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He’s Just Not that Into You: The No-Excuses Truth to Understanding Guys by Greg Behrendt and Liz Tuccillo, came out last September and has spent over 25 weeks on the New York Times best-seller list. Recently released in an abridged version, He’s Just Not That Into You: Your Daily Wake Up Call and now the subject of a touring comedy show, Gothamist thought this would be a good time to speak to the female part of the equation, Tuccillo, about the book. We also threw some questions at her about “Sex and the City” (the series for which she was an executive story editor), her relationship to New York and projects she has on the horizon.

THE BASICS

Occupation: writer
Place of birth: Brooklyn
Current residence: Manhattan
Length of time in New York: My whole life!
Relationship status: single
Online guilty pleasure: Googling ex-boyfriends to see what they're up to.

THE INTERVIEW

2005_06_bookintoyou.jpgYou co-authored the New York Times best-seller He’s Just Not That Into You, the book that gives women helpful hints on how to tell if a guy isn’t interested. Were you surprised at the success of the book? How does it feel to know you are changing the dating habits of women (and hopefully men) everywhere?
When we decided to write the book, I was sure it was going to be a huge hit, be on Oprah, and change the dating habits of women throughout the land. But then after we finished it and it got sent to be printed, I got really embarrassed and terrified at the thought that I just had the nerve to write a dating book. The idea that we've changed perfect strangers' dating habits is truly mind-blowing. And then when you hear women talk about it, it just is incredibly satisfying to think you might have saved someone a lot of misery.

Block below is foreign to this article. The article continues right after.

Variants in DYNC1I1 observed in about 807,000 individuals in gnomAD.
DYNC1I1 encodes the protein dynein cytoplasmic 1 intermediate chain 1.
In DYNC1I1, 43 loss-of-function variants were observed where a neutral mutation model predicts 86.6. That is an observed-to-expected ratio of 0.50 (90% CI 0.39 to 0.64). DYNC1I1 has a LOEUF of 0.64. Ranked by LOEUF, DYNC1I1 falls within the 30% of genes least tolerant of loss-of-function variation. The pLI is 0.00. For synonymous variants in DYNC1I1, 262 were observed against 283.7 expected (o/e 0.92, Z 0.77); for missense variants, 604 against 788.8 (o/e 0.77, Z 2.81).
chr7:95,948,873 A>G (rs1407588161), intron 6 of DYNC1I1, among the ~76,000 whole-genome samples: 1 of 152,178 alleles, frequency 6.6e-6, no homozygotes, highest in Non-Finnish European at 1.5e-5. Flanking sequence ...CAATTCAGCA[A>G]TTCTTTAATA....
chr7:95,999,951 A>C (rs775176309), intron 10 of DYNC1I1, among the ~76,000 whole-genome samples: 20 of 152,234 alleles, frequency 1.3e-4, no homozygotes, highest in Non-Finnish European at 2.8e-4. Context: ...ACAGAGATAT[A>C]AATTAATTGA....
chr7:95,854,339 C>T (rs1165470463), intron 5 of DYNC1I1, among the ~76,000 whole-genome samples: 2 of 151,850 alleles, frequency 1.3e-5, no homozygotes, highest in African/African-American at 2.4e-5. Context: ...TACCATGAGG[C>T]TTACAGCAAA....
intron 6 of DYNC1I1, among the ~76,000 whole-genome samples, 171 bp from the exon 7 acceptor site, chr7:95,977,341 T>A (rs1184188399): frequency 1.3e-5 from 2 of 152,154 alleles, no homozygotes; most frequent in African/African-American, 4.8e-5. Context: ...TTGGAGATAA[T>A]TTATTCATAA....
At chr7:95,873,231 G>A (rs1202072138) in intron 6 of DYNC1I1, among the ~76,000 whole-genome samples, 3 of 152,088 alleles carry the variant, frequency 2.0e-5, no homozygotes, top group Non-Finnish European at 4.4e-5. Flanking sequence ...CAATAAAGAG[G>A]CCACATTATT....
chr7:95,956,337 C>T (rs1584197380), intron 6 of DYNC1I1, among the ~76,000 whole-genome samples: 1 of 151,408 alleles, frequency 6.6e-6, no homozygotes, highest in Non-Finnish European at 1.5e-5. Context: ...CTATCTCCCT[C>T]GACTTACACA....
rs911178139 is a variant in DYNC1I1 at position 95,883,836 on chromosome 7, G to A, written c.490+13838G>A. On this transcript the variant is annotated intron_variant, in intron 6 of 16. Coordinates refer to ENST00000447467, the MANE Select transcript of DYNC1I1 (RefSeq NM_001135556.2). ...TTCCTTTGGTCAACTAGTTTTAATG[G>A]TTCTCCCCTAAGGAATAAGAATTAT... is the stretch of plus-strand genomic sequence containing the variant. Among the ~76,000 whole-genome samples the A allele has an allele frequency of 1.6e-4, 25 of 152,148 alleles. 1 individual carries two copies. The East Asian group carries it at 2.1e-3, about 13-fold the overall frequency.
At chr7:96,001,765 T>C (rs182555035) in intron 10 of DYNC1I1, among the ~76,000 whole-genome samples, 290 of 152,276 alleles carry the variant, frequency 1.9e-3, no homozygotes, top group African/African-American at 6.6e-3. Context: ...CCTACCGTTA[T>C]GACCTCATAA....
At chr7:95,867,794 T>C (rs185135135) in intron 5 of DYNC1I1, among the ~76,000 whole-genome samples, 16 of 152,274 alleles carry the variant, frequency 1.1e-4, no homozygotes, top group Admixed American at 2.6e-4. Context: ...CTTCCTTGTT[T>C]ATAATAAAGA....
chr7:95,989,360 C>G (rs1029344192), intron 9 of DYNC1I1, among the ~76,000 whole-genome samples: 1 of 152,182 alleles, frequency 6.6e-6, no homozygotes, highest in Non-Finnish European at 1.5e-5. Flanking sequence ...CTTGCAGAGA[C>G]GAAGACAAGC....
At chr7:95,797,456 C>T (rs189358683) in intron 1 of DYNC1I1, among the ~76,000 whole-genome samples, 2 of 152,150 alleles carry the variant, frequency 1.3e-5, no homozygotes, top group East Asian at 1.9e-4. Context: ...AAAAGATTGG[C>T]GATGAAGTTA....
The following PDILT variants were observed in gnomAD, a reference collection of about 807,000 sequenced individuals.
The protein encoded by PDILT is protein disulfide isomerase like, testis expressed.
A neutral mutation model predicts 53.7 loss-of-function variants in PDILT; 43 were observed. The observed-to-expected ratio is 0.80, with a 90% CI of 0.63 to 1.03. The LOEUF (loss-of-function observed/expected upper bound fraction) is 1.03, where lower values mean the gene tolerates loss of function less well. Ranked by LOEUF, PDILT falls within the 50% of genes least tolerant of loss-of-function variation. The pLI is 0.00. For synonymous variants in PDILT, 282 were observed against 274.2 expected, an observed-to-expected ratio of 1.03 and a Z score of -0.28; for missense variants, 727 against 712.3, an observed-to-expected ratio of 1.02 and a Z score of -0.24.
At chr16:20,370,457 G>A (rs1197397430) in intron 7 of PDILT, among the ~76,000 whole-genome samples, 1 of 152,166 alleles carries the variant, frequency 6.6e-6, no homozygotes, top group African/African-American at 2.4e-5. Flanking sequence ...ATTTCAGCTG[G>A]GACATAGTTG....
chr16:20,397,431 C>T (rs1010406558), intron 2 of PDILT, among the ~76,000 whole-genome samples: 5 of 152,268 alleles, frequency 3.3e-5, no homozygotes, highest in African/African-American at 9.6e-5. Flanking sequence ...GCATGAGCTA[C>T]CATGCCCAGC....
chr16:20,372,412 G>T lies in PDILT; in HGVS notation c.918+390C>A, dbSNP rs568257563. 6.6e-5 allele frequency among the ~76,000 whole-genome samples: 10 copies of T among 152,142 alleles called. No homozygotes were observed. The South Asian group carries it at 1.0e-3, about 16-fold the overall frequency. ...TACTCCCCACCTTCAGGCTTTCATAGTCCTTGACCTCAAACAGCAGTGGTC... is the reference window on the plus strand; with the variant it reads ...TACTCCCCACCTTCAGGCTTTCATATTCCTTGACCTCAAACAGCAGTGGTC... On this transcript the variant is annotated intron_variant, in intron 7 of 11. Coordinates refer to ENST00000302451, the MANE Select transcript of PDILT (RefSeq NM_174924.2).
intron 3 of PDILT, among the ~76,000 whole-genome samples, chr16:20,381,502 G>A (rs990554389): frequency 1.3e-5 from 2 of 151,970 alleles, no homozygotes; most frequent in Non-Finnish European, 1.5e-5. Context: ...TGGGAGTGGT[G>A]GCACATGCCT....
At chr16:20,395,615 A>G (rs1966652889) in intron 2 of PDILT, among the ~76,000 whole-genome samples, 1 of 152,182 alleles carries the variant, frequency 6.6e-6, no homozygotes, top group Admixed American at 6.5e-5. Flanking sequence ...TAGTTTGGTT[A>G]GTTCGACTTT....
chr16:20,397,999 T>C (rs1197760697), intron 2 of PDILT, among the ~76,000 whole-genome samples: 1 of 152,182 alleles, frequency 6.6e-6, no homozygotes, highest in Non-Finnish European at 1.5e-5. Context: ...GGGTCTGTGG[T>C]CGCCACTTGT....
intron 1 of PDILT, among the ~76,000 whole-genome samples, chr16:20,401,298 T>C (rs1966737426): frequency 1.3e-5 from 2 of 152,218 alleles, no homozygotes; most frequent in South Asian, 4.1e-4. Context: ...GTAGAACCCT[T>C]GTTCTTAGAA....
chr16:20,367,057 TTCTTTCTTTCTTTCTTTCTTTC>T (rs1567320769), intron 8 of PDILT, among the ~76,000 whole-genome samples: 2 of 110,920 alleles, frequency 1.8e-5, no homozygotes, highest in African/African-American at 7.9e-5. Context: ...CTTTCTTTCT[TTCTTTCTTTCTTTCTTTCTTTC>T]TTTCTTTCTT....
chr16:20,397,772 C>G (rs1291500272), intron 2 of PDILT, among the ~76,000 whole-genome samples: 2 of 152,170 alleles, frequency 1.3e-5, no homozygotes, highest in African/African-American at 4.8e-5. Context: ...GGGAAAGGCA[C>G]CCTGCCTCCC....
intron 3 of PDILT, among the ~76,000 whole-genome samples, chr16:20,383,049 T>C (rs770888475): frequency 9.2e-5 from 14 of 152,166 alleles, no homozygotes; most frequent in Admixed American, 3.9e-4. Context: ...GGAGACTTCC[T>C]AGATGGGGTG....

What drove you to work on this project?
It was literally Greg uttering the damn phrase "He's Just Not that Into You" in the writer's room of “Sex and the City.” A bomb might as well have gone off in the room, the reaction that got from us.

Throughout the book you voice the pessimistic view that maybe there isn’t someone perfect out there, while Greg continues with his party line that unless you keep trying you’ll never know. Frankly, we’re in your camp. Does Greg come in bottled form? Can we drink his potion or put him on like perfume whenever we get pangs of throwing in the towel or settling? What do you do?
I literally call Greg and he gives me a pep talk. Now, if you can't do that, I guess you can go back and read the book, but that's a little self-serving. So...I would say...I have no idea. Move to Alaska where there are tons of men? Call up a friend and make them play the "greg" role? He really should have a hotline, shouldn't he?

Not everyone has been a fan of the book. Elle Magazine advice columnist E. Jean Carroll has come out against you, as well as other authors that deal with this type of subject matter saying, "These writers are worse than astrologers and psychics. They're treating women like they're imbeciles. They're preying on weak, powerless women, and it's not fair." Let’s say E. Jean was here right now reading this, what would you like to say to her. Any opinions on her book, Mr. Right, Right Now!?
Oh my God -- are there people that really don't like the book? I pay people a lot of money to shield me from things like that. I'm shock and horrified.